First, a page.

A variety of software, services, and scripts were used to the present this landslide application.

 Slope Units Delineation 

To evaluate the susceptibility of a slope to landslides, we need to subdivide the study region into smaller areas of interest. Slope units are areas bounded by drainage and divide lines that can be automatically extracted from a digital elevation model. We then compare the physical properties of each individual slope unit (or “instance”) with expert-defined “models” to identify which slopes are most susceptible to particular types of landslides.

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r.avaflow 2.0

It’s not enough to only know whether a slope is susceptible to failure. We also need to know the landslide runout extent to see who or what else might be affected. R.avaflow is a physics-based model that simulates landslides runout. We generate runout from the highest-ranked slope units and streams to allow the user to visualize the extent of the impacted area.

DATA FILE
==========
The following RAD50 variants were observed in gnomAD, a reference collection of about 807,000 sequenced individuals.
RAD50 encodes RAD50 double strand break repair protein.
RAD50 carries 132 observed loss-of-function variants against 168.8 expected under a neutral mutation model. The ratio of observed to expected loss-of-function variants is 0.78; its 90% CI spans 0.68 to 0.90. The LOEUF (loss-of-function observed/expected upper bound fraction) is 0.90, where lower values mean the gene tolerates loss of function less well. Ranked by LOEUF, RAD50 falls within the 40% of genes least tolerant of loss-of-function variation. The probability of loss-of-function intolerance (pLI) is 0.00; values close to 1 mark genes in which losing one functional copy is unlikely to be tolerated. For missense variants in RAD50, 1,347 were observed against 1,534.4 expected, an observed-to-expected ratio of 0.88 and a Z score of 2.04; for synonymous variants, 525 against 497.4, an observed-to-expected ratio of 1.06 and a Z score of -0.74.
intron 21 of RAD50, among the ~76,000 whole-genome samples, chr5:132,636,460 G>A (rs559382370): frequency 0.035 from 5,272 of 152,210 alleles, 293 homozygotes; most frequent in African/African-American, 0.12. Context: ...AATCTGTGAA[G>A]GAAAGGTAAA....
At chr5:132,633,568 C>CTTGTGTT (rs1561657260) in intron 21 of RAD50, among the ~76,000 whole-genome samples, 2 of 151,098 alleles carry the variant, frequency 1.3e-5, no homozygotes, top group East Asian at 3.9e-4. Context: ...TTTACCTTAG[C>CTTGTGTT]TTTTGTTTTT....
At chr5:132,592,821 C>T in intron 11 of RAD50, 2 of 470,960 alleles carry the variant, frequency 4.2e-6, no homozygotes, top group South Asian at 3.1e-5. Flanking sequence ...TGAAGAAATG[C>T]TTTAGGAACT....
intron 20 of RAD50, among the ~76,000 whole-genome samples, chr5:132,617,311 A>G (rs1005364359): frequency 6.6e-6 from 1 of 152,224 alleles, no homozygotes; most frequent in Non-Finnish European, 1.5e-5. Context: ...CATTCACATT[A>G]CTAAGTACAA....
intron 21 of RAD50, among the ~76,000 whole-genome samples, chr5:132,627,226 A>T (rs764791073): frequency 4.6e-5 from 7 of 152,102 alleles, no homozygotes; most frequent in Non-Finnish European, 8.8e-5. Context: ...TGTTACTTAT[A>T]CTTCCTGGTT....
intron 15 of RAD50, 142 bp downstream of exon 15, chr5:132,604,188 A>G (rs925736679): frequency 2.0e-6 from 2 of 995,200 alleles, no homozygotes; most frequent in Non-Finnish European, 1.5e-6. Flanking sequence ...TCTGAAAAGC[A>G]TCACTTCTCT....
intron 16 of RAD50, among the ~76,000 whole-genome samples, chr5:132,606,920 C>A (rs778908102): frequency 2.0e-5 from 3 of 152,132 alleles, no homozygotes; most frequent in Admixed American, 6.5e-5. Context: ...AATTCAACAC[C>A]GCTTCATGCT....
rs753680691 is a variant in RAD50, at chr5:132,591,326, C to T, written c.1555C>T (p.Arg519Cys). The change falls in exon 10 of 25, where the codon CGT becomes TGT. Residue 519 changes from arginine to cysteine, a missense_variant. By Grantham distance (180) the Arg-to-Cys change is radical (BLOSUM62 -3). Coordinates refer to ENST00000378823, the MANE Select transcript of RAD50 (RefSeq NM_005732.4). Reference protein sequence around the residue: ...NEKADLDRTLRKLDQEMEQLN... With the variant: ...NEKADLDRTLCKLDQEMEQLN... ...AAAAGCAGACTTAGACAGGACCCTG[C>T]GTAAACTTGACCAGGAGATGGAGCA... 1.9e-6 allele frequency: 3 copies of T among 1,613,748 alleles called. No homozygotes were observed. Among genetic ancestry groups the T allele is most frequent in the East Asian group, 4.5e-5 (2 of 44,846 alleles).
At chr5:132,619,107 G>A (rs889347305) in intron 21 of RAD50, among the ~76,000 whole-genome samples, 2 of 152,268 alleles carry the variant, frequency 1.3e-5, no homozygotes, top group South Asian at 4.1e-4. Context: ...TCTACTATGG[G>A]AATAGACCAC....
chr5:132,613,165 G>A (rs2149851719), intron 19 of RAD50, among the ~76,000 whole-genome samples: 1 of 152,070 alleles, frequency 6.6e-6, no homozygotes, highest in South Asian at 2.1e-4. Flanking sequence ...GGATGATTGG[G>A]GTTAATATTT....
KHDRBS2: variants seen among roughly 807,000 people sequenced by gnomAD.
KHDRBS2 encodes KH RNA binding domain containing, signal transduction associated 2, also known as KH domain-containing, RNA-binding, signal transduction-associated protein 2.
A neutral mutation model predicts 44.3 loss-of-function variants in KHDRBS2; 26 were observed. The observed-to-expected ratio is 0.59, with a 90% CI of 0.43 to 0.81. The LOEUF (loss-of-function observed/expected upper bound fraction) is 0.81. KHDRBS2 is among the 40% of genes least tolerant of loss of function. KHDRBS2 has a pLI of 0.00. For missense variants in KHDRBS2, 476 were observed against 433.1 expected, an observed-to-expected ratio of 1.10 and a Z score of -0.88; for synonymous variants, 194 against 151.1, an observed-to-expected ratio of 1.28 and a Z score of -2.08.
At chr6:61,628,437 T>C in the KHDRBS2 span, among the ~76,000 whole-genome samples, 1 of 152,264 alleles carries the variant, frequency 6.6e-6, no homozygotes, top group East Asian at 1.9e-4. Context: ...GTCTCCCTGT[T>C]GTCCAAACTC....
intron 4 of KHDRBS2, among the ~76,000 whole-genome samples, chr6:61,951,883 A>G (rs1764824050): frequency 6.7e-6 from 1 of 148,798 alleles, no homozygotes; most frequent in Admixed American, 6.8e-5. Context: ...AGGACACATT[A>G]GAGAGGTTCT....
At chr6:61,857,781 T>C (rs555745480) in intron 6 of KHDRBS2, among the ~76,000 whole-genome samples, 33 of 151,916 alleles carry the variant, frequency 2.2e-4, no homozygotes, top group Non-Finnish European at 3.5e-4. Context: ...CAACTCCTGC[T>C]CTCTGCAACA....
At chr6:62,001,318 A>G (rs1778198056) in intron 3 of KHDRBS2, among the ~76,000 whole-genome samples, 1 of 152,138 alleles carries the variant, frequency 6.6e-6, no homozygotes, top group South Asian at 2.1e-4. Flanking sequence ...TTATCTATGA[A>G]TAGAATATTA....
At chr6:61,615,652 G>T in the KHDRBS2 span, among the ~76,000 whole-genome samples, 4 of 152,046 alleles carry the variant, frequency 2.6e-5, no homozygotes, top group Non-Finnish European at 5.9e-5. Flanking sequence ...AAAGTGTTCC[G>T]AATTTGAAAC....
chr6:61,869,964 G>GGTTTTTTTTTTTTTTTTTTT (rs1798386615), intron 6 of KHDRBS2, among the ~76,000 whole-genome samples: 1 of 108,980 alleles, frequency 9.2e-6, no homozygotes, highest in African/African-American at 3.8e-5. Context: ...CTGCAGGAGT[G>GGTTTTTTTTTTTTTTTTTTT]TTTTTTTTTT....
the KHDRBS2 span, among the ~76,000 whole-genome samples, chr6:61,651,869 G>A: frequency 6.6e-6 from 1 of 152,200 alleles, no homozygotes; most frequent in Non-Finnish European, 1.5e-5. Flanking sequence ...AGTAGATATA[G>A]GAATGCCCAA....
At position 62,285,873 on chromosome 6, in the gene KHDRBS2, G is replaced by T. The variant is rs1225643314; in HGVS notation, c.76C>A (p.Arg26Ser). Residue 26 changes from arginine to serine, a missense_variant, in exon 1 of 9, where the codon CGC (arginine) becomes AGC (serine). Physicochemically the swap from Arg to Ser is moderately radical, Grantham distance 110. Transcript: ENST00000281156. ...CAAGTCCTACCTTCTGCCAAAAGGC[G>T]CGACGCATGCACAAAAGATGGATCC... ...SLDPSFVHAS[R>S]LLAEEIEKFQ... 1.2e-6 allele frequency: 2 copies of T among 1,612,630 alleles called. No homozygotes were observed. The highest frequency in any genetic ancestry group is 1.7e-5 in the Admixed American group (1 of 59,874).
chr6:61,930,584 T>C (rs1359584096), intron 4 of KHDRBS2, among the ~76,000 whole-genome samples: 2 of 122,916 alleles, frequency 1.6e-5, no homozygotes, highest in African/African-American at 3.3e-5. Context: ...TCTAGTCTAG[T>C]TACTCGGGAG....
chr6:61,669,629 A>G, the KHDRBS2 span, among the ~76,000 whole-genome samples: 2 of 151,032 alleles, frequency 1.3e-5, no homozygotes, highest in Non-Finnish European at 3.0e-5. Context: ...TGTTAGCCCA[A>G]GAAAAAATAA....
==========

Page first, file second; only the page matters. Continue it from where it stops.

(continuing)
Learn more about r.avaflow

Hale Studio

Alignment of data to INSPIRE standards was carried out using Hale Studio, open source software for data transformation. Both input and output datasets were converted from shapefile or relational database format to INSPIRE data structures.

Learn more about Hale Studio

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Hale Connect

To serve fully compliant INSPIRE datasets, we used Hale Connect. INSPIRE compliant services in the web map are being hosted with the Hale Connect platform.

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OpenLayers + Boundless Web SDK

The web mapping application was developed using open layers and the Boundless Web SDK in a React Javascript application. 

Learn more about OpenLayers

Learn more about Boundless Web SDK

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Azure Kubernetes Service

The web mapping application is cloud hosted with Azure Kubernetes services for scaleable performance. 

Learn more about AKS